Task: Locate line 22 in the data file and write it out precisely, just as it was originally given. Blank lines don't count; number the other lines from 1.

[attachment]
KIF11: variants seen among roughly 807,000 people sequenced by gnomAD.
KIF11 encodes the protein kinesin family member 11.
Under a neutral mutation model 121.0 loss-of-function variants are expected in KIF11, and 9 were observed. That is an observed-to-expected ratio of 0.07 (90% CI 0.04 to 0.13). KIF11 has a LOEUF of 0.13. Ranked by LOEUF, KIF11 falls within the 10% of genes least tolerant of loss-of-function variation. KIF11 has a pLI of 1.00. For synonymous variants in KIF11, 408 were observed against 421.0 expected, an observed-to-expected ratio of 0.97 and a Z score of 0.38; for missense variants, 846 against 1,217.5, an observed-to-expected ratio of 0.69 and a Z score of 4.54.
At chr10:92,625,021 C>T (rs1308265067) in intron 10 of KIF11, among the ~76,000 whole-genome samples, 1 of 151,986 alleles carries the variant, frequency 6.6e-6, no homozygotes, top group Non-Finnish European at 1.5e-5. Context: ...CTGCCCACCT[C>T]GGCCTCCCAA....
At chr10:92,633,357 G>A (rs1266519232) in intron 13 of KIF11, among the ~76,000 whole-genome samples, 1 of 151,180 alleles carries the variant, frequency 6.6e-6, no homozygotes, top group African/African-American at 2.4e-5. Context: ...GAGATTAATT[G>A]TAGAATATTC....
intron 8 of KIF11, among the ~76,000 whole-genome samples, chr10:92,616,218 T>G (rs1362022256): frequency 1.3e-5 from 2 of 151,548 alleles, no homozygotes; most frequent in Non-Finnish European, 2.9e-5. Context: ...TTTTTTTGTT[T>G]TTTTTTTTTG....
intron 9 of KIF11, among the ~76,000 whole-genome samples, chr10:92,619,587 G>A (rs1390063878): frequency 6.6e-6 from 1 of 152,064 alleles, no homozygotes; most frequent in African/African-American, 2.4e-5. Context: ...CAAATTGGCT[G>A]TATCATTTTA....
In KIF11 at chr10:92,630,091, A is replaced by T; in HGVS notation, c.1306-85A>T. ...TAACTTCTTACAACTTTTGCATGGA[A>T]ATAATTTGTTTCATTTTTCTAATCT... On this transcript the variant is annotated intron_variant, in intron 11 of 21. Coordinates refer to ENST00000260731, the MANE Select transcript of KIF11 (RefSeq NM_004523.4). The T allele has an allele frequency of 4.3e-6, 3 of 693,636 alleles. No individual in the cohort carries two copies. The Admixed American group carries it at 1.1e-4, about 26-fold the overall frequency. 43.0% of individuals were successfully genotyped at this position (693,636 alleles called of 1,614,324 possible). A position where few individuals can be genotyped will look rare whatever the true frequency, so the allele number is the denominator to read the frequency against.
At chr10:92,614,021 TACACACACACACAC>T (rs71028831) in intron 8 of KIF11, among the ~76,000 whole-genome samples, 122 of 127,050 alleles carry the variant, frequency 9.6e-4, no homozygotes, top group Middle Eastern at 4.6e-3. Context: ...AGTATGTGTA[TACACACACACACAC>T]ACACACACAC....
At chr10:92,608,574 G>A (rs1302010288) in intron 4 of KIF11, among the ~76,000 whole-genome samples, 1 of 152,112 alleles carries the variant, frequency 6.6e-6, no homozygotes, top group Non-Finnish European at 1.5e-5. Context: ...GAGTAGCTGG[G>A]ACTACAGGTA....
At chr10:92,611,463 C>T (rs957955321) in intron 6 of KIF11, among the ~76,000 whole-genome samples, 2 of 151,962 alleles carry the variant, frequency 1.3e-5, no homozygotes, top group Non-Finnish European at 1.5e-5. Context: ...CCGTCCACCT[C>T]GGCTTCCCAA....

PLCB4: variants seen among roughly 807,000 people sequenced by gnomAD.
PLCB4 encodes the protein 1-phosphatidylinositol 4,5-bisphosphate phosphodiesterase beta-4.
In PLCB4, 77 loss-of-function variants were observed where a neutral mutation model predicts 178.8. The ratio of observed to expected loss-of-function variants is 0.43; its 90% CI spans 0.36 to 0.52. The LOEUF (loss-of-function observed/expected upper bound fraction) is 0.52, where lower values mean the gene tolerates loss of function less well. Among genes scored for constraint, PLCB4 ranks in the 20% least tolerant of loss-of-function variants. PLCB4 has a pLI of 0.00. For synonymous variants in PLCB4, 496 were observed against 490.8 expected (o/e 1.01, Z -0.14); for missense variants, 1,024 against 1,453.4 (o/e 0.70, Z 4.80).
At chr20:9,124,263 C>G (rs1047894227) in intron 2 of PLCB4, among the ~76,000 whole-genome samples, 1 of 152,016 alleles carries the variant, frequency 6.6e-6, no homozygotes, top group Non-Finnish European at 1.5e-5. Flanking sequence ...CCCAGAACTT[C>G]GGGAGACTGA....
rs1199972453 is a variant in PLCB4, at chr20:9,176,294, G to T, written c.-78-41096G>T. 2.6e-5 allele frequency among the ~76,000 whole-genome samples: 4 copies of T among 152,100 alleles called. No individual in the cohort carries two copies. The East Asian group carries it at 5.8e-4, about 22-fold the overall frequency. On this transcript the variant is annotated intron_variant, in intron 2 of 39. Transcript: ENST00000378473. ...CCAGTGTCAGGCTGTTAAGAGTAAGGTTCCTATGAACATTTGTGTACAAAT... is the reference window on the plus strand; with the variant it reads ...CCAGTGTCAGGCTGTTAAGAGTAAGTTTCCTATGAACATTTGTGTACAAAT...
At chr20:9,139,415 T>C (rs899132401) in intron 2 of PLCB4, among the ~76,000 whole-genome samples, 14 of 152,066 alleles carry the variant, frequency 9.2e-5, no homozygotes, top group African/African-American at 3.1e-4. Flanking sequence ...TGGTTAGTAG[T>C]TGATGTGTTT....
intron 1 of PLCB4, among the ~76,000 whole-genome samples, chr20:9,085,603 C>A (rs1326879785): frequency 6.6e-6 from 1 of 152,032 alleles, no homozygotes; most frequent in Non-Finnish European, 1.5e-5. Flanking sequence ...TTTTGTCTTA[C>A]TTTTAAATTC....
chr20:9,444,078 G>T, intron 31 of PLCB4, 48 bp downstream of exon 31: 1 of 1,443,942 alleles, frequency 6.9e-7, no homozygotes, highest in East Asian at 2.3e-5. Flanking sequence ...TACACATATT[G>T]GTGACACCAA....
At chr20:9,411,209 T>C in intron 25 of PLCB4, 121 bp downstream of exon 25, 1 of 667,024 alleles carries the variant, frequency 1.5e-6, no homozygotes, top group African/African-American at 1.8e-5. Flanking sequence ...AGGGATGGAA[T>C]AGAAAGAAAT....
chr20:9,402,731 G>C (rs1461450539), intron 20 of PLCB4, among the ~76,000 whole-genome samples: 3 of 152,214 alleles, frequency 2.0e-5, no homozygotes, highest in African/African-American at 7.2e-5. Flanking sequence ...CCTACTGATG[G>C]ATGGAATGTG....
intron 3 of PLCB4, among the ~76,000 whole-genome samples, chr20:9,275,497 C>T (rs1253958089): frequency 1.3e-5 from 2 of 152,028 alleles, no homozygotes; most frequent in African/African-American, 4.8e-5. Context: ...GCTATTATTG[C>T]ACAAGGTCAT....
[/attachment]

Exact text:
intron 3 of PLCB4, among the ~76,000 whole-genome samples, chr20:9,275,497 C>T (rs1253958089): frequency 1.3e-5 from 2 of 152,028 alleles, no homozygotes; most frequent in African/African-American, 4.8e-5. Context: ...GCTATTATTG[C>T]ACAAGGTCAT....